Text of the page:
1. Bak Kut Teh (肉骨茶 lit. Meat bone tea/ Pork Ribs soup)
Bak Kut Teh has been in Singapore since we were still a developing country and deserves its recognition as a simple, humble dish. Most of the Bak Kut Teh here are the pepper variety with mild use of herbs like Star Anise. Choose pork ribs meat in your soup for a more tender bite. The other variant would be the Klang Bak Kut Teh, a dark and highly flavoured herbal soup originating from Malaysia.
2. Wanton Mee (云吞面)
The Singapore Wanton noodles was probably influenced by Hong Kong cuisine, but has become entrenched in our culture over the years. The Singapore version is typically eaten ‘dry’, drenched with some light sweet sauce, slices of pork char siew and wanton dumplings filled with pork, with a small bowl of soup on the side. Auntie will also ask if you want spicy or not. The spicy type sees chilli being mixed into the noodles, while the non-spicy kids version will have tomato sauce mixed in. Wanton dumplings may be either deep fried or come in soup dumplings.
3. Fried Carrot cake (菜头粿)
The Singapore Fried Carrot cake is made with eggs, preserved radish (chai poh) and white radish flour cake, which resembles a ‘white carrot’ and how the name comes about.
This is a teochew dish popular both in Singapore and Malaysia. Variants include the ‘black’ version, which is with sweet sauce (molasses) added, or a crispy version with the cake fried on top of a beaten egg to create a crust and chunks of cake. Most commonly seen in Singapore though is the chopped up version with individual radish cake cubes.
4. Dim sum (点心)
Another Hong Kong/ Shang Hai inspired type of dishes available in Singapore is the Dim Sum or ‘Dian xin’. This is not exactly 1 dish, but a set of small dishes to be savoured in a group- a typical Chinese dining sharing custom. Popular dim sum dishes include the BBQ Pork Bun, Xiao Long Bao, Siew Mai, Chee Chong Fun and many more.
5. Kaya Toast and Soft-boiled Eggs
The one and only traditional Singaporean breakfast- Kaya toast with soft-boiled eggs. The traditional bread is an old school rectangular white loaf, toasted with a bread grill, lathered with coconut or egg kaya then slapped with a thick slice of SCS butter to slowly melt within 2 slices of warm bread. This is the classic kaya toast. Variations include using thinly sliced brown bread, round buns or ‘Jiam Tao Loh Tee’ like a French baguette.
6. Crabs (Chilli or Pepper)
The 2 most famous styles of crab cooking in Singapore are with a sweet, spicy tomatoish chilli sauce, or with black pepper sauce. Chilli crabs are usually eaten along with fried mantous (buns), which are dipped in the luscious chilli sauce. Well prepared crabs go through a 2 step cooking process, boiled first then fried so that the meat doesn’t stick to the shell. Recently, many popular styles of cooking have surfaced as well, like salted-egg crabs or crab bee hoon.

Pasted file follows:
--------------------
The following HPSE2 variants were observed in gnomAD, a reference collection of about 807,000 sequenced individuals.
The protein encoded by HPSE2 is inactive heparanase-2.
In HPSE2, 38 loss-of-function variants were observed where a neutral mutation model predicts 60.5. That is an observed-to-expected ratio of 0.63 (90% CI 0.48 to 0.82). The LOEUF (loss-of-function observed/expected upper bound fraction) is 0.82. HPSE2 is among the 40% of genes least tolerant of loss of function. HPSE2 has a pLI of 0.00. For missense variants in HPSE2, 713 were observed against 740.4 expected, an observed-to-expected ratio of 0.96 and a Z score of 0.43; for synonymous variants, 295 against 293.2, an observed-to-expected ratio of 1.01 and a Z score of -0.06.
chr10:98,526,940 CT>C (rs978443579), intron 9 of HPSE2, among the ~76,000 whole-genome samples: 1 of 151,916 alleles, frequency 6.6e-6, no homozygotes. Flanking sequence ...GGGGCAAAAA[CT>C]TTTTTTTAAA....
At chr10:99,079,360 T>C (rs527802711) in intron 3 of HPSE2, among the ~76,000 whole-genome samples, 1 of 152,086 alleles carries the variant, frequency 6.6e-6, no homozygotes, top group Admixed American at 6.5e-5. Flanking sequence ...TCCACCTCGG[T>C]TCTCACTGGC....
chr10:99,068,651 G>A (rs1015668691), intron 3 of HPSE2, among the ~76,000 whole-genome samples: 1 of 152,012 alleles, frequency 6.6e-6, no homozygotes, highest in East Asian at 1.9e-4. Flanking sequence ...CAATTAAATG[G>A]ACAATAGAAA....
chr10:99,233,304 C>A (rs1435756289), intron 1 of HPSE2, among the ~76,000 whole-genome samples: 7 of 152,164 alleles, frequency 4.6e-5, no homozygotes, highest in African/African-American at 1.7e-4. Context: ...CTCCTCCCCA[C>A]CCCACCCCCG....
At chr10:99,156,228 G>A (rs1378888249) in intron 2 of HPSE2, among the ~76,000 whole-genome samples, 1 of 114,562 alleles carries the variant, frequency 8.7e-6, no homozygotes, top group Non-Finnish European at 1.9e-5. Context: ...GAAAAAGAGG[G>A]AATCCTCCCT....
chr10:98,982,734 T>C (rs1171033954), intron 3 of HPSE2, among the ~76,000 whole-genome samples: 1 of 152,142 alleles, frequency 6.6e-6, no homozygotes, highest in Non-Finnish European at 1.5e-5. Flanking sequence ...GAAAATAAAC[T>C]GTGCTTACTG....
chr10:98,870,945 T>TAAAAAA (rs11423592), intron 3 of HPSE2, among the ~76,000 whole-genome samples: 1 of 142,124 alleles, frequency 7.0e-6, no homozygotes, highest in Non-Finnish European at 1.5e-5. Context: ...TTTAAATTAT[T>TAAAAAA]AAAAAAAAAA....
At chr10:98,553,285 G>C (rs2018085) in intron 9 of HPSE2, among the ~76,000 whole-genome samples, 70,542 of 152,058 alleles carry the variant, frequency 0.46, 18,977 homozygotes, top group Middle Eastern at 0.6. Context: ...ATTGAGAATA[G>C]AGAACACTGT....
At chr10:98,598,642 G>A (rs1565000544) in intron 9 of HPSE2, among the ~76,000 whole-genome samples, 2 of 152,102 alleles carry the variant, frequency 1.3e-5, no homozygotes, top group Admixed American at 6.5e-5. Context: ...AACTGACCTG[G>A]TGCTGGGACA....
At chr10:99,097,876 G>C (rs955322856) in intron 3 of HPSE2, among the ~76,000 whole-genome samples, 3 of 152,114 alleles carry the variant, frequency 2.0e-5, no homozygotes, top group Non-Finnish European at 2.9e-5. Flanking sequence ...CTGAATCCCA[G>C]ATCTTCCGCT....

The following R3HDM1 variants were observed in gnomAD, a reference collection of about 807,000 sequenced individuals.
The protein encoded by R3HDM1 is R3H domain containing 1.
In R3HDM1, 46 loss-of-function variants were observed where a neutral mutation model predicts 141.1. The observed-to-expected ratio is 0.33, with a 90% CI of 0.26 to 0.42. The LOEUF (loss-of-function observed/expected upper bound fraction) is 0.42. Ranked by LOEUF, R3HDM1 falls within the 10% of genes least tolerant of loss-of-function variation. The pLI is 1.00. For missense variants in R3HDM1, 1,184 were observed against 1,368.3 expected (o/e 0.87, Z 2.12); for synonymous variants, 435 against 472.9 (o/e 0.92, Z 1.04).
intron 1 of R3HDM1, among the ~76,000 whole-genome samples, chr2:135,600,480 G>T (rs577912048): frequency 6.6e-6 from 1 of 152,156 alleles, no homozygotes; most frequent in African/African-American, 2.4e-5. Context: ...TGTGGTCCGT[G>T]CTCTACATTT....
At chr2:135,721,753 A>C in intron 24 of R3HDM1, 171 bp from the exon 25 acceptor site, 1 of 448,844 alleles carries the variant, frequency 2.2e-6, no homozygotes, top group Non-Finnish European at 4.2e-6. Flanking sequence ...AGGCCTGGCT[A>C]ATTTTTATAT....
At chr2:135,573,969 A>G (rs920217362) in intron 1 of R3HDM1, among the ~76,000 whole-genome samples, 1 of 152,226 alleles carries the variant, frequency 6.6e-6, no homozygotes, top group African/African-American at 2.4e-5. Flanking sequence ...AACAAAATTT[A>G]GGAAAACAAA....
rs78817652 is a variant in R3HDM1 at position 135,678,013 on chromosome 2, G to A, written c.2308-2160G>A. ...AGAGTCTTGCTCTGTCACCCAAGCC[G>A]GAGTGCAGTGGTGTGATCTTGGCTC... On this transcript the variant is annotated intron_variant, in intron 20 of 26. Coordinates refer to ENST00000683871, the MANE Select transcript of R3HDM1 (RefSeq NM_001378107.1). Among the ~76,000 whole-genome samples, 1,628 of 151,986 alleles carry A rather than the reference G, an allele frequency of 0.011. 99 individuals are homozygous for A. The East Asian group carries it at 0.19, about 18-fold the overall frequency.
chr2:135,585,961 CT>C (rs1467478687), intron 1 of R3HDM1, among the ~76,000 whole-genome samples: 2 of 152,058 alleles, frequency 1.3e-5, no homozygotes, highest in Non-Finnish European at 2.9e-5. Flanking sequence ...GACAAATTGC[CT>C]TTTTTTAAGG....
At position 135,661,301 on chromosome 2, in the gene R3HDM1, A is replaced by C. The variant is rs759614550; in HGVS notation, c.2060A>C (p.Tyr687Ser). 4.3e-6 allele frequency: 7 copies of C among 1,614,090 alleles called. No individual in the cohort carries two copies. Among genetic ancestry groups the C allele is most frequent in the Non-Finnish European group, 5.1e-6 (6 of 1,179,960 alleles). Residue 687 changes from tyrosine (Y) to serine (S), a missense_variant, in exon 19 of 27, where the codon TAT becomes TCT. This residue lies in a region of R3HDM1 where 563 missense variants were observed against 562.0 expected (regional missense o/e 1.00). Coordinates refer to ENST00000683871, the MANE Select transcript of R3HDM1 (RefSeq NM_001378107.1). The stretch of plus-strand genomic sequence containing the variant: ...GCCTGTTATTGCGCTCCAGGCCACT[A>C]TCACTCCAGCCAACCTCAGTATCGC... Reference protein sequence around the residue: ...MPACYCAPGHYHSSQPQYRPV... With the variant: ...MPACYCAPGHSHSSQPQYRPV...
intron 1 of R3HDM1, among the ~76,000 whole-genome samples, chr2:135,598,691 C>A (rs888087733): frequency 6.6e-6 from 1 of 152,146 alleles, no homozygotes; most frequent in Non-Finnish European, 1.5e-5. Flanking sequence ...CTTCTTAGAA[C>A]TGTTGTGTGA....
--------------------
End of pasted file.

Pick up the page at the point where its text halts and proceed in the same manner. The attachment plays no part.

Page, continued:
Laksa is a dish merged from Chinese and Malay elements otherwise known as Peranakan culture. There are 2 main types of laksa- curry laksa and asam laksa. Curry laksa is more predominant in Singapore, while assam laksa is found more in Malaysian regions like Penang Laksa. In fact there loads of variants of Laksas differing in fish type, broth and even noodles.
Traditional Singapore Curry Laksa uses vermicelli, coconut milk, tau pok (beancurd puffs), fish slices, shrimp and cockles (hum). A unique Singapore variant known as Katong Laksa has it’s vermicelli cut into short ends and is eaten only with a spoon. There is much debate on who is the original Katong Laksa.
8. Curry Fish Head
Is it Chinese, Indian or Malay? This is another ambiguous dish with probably a South Indian origin, but heavily influenced by the various ethnicities in Singapore. What I do know, is that it’s delicious. Either half a head or the whole head of a Red snapper is stewed in curry with assorted vegetables like Lady’s Finger (okra) and brinjal. The Indian style of curry has heavier spices and flavours, while the Chinese styles are lighter and sweeter.Variants include the Assam style fish head curry, which adds in a tinge of sourness with Tamarind fruit (assam).
9. Bak Chor Mee (肉脞面 lit. Minced Meat Noodle)
Colloquially known as ‘Bak Chor Mee’ 肉脞面, this is a noodle dish with minced pork, liver, meat balls/ fish balls, fish cake slices and a signature vinegar braised sauce that adds some wetness.
Typically, the dish is ordered ‘dry’ to savour full flavours of the sauce and you can choose between chilli or ketchup, and the type of noodle to use. Noodle choices are normally either Mee Pok (a flat noodle) or Mee Kia (thin noodle), while some stalls offer bee hoon, mee sua or mee tai mak as well. Variants include an exclusively soup version with home-made noodles famous at Bedok Blk 85.
10. Oyster Omelette (Orh Lua)
A dish popular in Singapore Hawkers as well as Taiwan Night markets, this is a dish many foreigners and locals love. Stalls that sell carrot cake typically also sell Oyster omelettes as it’s a similar cooking process as well as utilizing a common ingredient: Eggs. Potato starch is usually mixed into frying the egg and gives a thicker, fuller taste. Variants include a version without the starch, which is priced slightly higher due to more eggs needed instead. A special vinegar chilli is also paired exclusively with oyster omelettes in Singapore.